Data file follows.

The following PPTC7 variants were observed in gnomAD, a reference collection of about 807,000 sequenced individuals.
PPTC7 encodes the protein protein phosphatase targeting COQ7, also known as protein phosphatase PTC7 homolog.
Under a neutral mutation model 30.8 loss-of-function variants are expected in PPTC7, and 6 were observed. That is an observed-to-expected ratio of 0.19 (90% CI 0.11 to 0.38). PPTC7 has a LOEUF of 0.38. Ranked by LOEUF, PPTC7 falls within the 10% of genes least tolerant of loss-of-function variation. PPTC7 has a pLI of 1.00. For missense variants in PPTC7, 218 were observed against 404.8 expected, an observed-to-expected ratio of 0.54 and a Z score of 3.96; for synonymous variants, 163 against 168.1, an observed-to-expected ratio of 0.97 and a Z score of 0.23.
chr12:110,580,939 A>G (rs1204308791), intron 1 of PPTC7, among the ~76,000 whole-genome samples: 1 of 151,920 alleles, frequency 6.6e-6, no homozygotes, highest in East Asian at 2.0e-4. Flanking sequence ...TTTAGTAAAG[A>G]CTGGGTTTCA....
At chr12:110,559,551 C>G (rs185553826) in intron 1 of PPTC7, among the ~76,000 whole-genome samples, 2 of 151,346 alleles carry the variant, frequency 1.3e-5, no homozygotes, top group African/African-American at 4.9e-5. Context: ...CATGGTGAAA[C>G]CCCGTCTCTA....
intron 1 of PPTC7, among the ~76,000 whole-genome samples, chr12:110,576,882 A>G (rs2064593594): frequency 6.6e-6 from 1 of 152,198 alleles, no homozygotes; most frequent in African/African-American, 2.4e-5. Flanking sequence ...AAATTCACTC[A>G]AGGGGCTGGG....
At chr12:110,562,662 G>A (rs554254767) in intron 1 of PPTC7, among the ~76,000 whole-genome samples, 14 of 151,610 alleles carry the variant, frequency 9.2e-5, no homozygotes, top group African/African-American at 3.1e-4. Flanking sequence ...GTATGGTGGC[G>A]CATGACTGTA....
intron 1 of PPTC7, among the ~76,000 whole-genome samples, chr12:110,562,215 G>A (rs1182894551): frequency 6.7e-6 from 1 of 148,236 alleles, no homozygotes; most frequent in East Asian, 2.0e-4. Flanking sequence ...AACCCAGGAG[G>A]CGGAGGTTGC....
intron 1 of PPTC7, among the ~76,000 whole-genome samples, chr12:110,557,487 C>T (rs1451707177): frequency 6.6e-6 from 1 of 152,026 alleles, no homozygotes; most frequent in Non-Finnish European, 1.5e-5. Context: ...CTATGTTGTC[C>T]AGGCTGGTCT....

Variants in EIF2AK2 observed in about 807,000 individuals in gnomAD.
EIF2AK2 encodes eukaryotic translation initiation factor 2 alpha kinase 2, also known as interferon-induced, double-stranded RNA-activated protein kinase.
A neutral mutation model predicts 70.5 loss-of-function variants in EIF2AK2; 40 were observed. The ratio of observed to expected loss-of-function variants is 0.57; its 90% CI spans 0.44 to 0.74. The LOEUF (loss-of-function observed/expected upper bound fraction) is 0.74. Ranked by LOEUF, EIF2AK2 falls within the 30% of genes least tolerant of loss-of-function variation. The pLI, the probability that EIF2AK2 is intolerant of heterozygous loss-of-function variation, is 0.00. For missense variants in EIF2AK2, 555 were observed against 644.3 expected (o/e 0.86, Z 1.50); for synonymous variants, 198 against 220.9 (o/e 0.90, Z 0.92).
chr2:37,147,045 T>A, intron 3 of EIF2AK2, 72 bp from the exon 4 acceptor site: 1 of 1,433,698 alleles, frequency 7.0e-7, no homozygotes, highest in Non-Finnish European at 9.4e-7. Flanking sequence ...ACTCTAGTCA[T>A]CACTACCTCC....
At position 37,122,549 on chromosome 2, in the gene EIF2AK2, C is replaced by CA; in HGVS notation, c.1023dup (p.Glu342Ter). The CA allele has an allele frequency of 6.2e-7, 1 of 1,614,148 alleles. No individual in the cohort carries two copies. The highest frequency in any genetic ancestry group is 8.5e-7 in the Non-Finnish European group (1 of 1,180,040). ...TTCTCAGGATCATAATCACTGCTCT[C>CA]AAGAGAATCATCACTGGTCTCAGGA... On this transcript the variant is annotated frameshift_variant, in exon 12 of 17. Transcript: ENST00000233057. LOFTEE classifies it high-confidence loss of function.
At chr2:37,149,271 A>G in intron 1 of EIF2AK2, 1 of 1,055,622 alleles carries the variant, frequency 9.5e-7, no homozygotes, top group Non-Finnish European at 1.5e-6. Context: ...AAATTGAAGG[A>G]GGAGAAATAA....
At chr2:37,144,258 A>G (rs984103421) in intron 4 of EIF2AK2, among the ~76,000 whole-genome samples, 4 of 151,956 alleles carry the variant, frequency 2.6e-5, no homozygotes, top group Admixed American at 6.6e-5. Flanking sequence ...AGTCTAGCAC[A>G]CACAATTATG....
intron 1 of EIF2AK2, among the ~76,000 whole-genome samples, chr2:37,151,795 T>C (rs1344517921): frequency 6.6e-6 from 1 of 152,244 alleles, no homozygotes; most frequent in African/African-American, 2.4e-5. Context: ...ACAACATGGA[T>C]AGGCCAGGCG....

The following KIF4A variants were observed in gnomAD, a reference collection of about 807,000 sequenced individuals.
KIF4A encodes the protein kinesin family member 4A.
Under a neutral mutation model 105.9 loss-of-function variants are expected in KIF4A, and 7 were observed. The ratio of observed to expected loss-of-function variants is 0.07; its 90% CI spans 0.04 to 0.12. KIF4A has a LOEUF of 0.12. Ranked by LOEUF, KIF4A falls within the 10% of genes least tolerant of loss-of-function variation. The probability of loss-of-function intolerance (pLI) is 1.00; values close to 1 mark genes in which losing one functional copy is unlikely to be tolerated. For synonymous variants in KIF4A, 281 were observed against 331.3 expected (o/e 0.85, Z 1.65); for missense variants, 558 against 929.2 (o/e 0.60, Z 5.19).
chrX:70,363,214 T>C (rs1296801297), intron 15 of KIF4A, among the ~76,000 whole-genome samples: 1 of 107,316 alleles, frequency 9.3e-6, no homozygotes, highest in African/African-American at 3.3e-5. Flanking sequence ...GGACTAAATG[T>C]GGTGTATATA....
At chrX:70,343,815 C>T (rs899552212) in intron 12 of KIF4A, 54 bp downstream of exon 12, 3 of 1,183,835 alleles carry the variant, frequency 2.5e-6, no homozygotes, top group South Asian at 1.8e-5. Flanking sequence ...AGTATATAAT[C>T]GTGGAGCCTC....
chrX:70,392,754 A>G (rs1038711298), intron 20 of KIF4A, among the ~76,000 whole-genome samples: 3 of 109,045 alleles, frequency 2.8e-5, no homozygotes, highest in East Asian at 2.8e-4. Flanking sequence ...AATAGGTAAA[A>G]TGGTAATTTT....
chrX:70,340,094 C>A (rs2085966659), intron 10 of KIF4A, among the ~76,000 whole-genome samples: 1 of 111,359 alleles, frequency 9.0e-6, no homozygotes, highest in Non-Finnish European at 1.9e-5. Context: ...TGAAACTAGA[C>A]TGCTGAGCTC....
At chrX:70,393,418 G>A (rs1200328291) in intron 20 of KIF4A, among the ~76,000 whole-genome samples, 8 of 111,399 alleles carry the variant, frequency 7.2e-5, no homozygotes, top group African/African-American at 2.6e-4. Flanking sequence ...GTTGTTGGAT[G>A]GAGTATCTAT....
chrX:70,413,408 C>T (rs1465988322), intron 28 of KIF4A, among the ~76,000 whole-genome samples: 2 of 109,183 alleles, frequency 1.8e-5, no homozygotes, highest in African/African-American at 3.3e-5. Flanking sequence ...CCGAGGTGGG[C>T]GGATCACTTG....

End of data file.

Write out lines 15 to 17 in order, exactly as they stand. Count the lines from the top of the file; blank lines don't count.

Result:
At chr2:37,149,271 A>G in intron 1 of EIF2AK2, 1 of 1,055,622 alleles carries the variant, frequency 9.5e-7, no homozygotes, top group Non-Finnish European at 1.5e-6. Context: ...AAATTGAAGG[A>G]GGAGAAATAA....
At chr2:37,144,258 A>G (rs984103421) in intron 4 of EIF2AK2, among the ~76,000 whole-genome samples, 4 of 151,956 alleles carry the variant, frequency 2.6e-5, no homozygotes, top group Admixed American at 6.6e-5. Flanking sequence ...AGTCTAGCAC[A>G]CACAATTATG....
intron 1 of EIF2AK2, among the ~76,000 whole-genome samples, chr2:37,151,795 T>C (rs1344517921): frequency 6.6e-6 from 1 of 152,244 alleles, no homozygotes; most frequent in African/African-American, 2.4e-5. Context: ...ACAACATGGA[T>C]AGGCCAGGCG....